Puncturevine a growing problem in the Southern Interior - InfoNews

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Puncturevine a growing problem in the Southern Interior

Puncturevine spreads readily in sandy and disturbed soils.
Image Credit: SUBMITTED
June 14, 2018 - 6:30 PM

With seed pod spines hard enough to flatten a bicycle tire, you don't want you or your pet stepping on puncturevine, one of the many invasive plants in the Southern Interior.

Treatment programs for the invasive plants are underway by local governments up and down the valley as crews apply herbicides along highways and secondary roads. It's not yet a major concern in the Thompson area, but it may be just a matter of time. 

Okanagan and Similkameen Invasive Species Society executive director Lisa Scott says of particular concern this year is the proliferation of puncturevine, which has spread as far north as Vernon, as well as into the lower Similkameen Valley.

The plant’s seed pods act like tacks, spreading easily by attaching themselves to everything they come in contact with, including humans and animals, according to the Invasive Species Society website.

The seed burrs can create dangerous conditions for livestock, who can be injured if the vine is consumed. The vine is toxic to sheep. Pets and people in bare feet are vulnerable to the sharp spines, which are hardy enough to puncture the tire on a bicylce or small vehicle.

The plant can be found in sandy, well-drained soil and readily invades disturbed ground. It typically infests vacant lots, gravel parking areas, roadsides, unpaved trails and beaches and has more recently moved onto agricultural lands where crops border roads and even between crop rows.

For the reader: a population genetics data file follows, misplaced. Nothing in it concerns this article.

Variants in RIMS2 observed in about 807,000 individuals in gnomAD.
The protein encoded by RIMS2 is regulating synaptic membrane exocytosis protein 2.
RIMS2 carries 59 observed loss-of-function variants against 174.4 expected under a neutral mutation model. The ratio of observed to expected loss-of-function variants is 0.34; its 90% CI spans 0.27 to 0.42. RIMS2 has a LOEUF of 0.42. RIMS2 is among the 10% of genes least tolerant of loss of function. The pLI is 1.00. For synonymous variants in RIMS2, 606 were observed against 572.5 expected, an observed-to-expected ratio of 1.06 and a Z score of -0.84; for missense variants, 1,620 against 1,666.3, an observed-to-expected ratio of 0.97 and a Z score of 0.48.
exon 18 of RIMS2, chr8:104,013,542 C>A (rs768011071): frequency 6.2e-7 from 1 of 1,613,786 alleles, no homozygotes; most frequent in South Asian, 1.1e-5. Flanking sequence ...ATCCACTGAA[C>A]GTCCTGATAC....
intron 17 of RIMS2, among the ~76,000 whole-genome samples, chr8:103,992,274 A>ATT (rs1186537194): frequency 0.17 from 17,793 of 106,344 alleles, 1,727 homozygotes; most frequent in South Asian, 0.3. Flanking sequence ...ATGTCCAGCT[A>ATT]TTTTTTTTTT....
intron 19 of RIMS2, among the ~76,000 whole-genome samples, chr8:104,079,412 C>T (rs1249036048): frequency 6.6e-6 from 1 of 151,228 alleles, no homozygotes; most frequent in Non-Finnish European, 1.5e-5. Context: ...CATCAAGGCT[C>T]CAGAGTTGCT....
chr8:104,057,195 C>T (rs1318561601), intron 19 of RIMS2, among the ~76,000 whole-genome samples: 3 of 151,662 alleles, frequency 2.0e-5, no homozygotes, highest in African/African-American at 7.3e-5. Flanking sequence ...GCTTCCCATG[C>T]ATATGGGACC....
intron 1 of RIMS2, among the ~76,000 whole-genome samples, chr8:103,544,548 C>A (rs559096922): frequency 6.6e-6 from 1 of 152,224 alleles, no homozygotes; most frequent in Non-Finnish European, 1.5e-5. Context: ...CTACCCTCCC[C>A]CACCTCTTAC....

Scott says there aren’t many control options available to fight the plant, and so far there has been significant apathy from landowners and land managers who fail to take appropriate and timely action to control it.

Landowners need to monitor their property regularly during the growing season and develop clear protocols for cleaning vehicles, machinery and footwear in areas where the vine is known to exist. The vine can be removed by hand or controlled by pre-emergent herbicides

Scott says fortunately there are no new invasive species of concern in the Okanagan so far this year.

Puncturevine is found in limited areas in the map portion outlined in red, while there is medium risk of spread in the purple area.
Puncturevine is found in limited areas in the map portion outlined in red, while there is medium risk of spread in the purple area.
Image Credit: SUBMITTED

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